A Euro deal from Brussels

In their agreement last night, European leaders in Brussels managed to exceed expectations, which had been set extremely low. But their terse statement leaves a lot of unanswered questions - especially when it comes to how and whether the eurozone's rescue funds will be used to bring down the cost of borrowing for countries like Spain and Italy.

Stocks are up, and Italian and Spanish ten year bond yields are down by around a third of a percentage point. By all accounts, investors are pleasantly surprised, but not all of them euphoric in their response to a statement which is little more than three paragraphs long.

None of those paragraphs, it is worth remembering, mention the issue that causes the most neuralgia for Germany: collective guarantees on eurozone sovereign debt.

In fact, short-term moves toward that - the creation of Euro-bills, for example - were barely discussed at last night's meeting, because Chancellor Merkel had made her position abundantly clear (see my blogs earlier this week on this).

So, what did they achieve?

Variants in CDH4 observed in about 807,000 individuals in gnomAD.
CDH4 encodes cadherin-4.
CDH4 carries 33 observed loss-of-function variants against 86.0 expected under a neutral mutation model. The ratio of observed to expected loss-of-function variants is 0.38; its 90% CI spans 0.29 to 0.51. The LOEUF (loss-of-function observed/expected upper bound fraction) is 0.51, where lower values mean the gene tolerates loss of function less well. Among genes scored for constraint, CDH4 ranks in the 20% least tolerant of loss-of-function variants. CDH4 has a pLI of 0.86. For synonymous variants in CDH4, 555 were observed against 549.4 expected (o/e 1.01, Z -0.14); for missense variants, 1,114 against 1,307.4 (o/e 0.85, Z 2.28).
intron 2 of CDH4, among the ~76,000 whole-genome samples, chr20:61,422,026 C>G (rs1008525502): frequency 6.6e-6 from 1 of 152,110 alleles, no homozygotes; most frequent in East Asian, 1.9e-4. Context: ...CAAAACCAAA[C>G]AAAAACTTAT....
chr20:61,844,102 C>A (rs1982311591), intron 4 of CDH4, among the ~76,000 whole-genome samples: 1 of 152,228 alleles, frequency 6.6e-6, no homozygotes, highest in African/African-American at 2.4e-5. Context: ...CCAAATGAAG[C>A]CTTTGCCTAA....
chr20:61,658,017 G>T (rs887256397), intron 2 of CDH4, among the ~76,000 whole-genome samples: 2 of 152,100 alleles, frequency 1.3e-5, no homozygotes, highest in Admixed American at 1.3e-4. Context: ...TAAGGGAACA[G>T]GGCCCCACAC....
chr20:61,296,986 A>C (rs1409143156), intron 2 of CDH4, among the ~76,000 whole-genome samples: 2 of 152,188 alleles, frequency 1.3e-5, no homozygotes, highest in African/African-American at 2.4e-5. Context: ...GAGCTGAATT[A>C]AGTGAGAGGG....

First, and in the long term possibly most important, they have committed themselves to the idea of a single supervisor of eurozone banks - the European Central Bank - which could have the capacity to inject capital into troubled banks directly, without the debt going on to the books of the sovereign government.

Credible support

This is not exactly a shock - we knew it was the area where progress was most plausible. But it is a long way from where they were a few months ago and it could mark an important step, not only toward a single European banking union but toward the provision of more credible support for troubled banks in Spain and other countries. Of course, it also raises big questions for previous deals which did load debt on to the sovereign - notably Ireland.

In theory, that agreement could improve market confidence in countries where there has been a vicious "feedback loop" between a troubled banking system and the sovereign (notably Spain and Ireland).

But, the insistence that the new supervisory capacity be in place before any money changes hands surely raises questions about how and when any of this will happen.